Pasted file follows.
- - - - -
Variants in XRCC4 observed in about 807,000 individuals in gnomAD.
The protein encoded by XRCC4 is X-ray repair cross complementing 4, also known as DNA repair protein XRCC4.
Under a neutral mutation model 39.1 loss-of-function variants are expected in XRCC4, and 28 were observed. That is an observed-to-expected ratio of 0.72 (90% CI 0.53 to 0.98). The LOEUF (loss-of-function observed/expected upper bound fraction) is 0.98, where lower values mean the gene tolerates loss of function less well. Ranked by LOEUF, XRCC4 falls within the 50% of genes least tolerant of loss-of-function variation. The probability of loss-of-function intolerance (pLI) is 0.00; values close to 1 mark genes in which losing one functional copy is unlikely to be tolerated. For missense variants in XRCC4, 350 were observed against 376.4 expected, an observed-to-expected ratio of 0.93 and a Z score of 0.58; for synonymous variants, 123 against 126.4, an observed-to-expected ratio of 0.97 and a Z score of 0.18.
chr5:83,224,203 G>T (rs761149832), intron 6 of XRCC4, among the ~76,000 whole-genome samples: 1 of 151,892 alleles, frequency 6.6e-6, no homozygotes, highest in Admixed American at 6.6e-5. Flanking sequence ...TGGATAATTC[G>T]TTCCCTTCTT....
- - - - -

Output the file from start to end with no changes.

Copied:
Variants in XRCC4 observed in about 807,000 individuals in gnomAD.
The protein encoded by XRCC4 is X-ray repair cross complementing 4, also known as DNA repair protein XRCC4.
Under a neutral mutation model 39.1 loss-of-function variants are expected in XRCC4, and 28 were observed. That is an observed-to-expected ratio of 0.72 (90% CI 0.53 to 0.98). The LOEUF (loss-of-function observed/expected upper bound fraction) is 0.98, where lower values mean the gene tolerates loss of function less well. Ranked by LOEUF, XRCC4 falls within the 50% of genes least tolerant of loss-of-function variation. The probability of loss-of-function intolerance (pLI) is 0.00; values close to 1 mark genes in which losing one functional copy is unlikely to be tolerated. For missense variants in XRCC4, 350 were observed against 376.4 expected, an observed-to-expected ratio of 0.93 and a Z score of 0.58; for synonymous variants, 123 against 126.4, an observed-to-expected ratio of 0.97 and a Z score of 0.18.
chr5:83,224,203 G>T (rs761149832), intron 6 of XRCC4, among the ~76,000 whole-genome samples: 1 of 151,892 alleles, frequency 6.6e-6, no homozygotes, highest in Admixed American at 6.6e-5. Flanking sequence ...TGGATAATTC[G>T]TTCCCTTCTT....